November 2002
Volume 2, Issue 7
Free
Vision Sciences Society Annual Meeting Abstract  |   November 2002
The matching of smooth, blobby objects—but not faces—is invariant to differences in contrast polarity for both naïve and expert subjects
Author Affiliations
  • Marissa Nederhouser
    University of Southern California
Journal of Vision November 2002, Vol.2, 745. doi:10.1167/2.7.745
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      Marissa Nederhouser, Michael C. Mangini, Irving Biederman; The matching of smooth, blobby objects—but not faces—is invariant to differences in contrast polarity for both naïve and expert subjects. Journal of Vision 2002;2(7):745. doi: 10.1167/2.7.745.

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      © ARVO (1962-2015); The Authors (2016-present)

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Abstract

There is a striking cost in face matching performance when members of a sequentially presented pair of faces differ in contrast polarity (i.e., reversal of brightness), but no such costs are apparent when matching objects such as chairs (Subramaniam & Biederman, 1997). This result holds true even when the faces and chairs, on mismatch trials, are of equal similarity, as assessed by a Gabor-jet similarity measure. Unlike face matching, object matching can generally be accomplished by using differences in parts and nonaccidental shape properties that would be unaffected by changes in contrast polarity. Would object recognition remain invariant when such differences were not available? Subjects matched sequentially-presented images of a pair of smooth, blobby, asymmetric volumes generated from rotations of the harmonics of a sphere. Stimulus pairs on mismatch trials spanned a large range of similarity. The highly similar pairs were far more similar than the faces or Greebles in typical face or Greeble recognition experiments. The Gabor-jet similarity measure was highly correlated with both RTs and error rates on mismatch trials. Changes in contrast polarity had no effect on the matching of these stimuli, either for naïve subjects or for “experts” that had practiced for over 8,000 trials with images of positive contrast. The invariance to object contrast held throughout the range of similarity, for both expert and naïve subjects. Practice markedly lowered RTs and error rates so that the performance of the experts was not only lower after practice than earlier in practice but also significantly better than the controls on the very first trials with blobs of negative contrast. These results suggest that faces are special with respect to sensitivity to direction of contrast.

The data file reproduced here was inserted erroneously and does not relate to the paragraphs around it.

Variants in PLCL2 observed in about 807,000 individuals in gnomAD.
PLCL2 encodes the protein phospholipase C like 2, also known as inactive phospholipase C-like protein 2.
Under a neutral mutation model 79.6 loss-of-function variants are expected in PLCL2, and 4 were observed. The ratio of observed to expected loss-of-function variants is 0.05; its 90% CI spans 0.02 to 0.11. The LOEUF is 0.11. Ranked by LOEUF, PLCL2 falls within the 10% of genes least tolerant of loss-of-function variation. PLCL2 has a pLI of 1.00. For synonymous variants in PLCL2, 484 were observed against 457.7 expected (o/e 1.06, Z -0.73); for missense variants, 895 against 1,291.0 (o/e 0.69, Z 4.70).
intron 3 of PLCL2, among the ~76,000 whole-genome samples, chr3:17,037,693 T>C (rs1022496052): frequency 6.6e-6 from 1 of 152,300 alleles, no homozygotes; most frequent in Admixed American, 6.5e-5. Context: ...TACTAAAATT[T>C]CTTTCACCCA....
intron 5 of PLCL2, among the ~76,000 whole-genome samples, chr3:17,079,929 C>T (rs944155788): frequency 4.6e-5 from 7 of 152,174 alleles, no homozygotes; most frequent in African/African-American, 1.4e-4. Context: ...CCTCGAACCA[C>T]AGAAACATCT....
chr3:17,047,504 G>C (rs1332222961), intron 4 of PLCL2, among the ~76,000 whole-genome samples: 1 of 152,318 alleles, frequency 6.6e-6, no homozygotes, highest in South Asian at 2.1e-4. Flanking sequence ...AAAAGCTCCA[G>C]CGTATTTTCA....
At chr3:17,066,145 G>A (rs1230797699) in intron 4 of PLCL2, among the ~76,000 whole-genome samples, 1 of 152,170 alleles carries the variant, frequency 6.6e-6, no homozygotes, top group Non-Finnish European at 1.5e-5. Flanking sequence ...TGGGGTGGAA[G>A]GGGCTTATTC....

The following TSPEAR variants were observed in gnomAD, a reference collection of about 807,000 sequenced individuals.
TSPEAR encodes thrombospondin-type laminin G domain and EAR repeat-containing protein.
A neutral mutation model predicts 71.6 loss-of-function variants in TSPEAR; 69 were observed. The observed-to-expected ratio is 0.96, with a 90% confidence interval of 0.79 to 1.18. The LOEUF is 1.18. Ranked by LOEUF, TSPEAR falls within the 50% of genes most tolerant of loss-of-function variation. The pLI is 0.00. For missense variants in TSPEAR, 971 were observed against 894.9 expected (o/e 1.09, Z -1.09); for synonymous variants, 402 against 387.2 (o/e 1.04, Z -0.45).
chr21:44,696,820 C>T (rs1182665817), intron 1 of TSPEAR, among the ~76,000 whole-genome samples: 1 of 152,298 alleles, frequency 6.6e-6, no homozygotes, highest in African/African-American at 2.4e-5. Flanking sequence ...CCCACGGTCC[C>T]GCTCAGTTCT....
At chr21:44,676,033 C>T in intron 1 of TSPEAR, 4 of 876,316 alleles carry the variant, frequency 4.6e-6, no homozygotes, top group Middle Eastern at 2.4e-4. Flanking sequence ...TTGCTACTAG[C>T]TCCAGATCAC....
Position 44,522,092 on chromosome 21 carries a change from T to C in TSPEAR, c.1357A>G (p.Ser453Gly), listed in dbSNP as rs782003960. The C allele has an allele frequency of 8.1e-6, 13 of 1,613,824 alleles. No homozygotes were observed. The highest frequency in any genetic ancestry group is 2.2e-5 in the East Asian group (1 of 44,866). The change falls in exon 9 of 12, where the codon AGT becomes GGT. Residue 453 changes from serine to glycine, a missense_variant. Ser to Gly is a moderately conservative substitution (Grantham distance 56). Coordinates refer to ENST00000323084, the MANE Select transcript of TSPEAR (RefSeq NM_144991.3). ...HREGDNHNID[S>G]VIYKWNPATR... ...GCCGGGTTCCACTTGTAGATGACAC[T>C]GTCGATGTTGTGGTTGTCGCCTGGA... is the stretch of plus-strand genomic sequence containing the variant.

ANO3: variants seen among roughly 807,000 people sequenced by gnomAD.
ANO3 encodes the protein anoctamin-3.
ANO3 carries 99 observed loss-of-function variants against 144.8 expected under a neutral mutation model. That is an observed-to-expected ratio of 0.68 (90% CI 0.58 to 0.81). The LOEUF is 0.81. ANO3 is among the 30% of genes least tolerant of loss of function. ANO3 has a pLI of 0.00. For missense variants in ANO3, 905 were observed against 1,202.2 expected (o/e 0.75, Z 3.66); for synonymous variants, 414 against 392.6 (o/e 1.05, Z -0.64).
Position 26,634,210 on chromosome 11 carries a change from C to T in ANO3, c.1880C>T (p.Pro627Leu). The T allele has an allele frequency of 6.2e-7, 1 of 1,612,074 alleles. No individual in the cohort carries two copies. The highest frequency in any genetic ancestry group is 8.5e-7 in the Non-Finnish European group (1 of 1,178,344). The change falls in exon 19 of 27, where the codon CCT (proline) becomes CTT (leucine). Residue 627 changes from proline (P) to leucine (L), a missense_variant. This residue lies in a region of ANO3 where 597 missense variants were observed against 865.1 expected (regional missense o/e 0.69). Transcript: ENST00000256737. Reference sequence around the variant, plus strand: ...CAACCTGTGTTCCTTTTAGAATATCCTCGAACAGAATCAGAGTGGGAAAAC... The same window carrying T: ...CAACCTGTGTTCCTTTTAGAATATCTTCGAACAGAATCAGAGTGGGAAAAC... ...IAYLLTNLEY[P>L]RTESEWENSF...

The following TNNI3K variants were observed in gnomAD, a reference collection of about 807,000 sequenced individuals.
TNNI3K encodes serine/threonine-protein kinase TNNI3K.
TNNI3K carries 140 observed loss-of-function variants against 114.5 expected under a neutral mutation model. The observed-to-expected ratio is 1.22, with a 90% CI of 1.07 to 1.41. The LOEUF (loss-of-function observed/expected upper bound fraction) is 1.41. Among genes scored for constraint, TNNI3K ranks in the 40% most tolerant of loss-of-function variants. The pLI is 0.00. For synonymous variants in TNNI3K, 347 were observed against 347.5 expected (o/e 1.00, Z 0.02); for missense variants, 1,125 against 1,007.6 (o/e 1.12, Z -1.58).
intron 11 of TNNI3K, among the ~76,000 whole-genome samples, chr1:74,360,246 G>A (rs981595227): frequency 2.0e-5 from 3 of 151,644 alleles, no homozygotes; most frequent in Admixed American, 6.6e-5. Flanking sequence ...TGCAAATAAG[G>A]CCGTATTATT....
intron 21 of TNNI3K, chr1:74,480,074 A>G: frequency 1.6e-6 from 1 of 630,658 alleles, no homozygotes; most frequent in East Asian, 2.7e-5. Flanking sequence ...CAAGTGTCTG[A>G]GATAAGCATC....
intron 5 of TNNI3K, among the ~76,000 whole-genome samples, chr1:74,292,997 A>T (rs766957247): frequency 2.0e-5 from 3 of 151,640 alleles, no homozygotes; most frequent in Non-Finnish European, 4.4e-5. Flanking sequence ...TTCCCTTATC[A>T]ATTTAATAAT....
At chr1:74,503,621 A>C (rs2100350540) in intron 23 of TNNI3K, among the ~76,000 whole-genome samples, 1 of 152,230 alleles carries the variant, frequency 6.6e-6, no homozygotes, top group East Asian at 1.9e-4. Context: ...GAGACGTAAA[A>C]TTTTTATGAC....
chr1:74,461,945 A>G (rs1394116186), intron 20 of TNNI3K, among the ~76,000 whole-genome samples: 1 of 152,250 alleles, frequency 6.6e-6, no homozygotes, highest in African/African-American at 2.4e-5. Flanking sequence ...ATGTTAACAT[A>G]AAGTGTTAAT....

Nederhouser, M., Mangini, M. C., Biederman, I.(2002). The matching of smooth, blobby objects—but not faces—is invariant to differences in contrast polarity for both naïve and expert subjects [Abstract]. Journal of Vision, 2( 7): 745, 745a, http://journalofvision.org/2/7/745/, doi:10.1167/2.7.745. [CrossRef]
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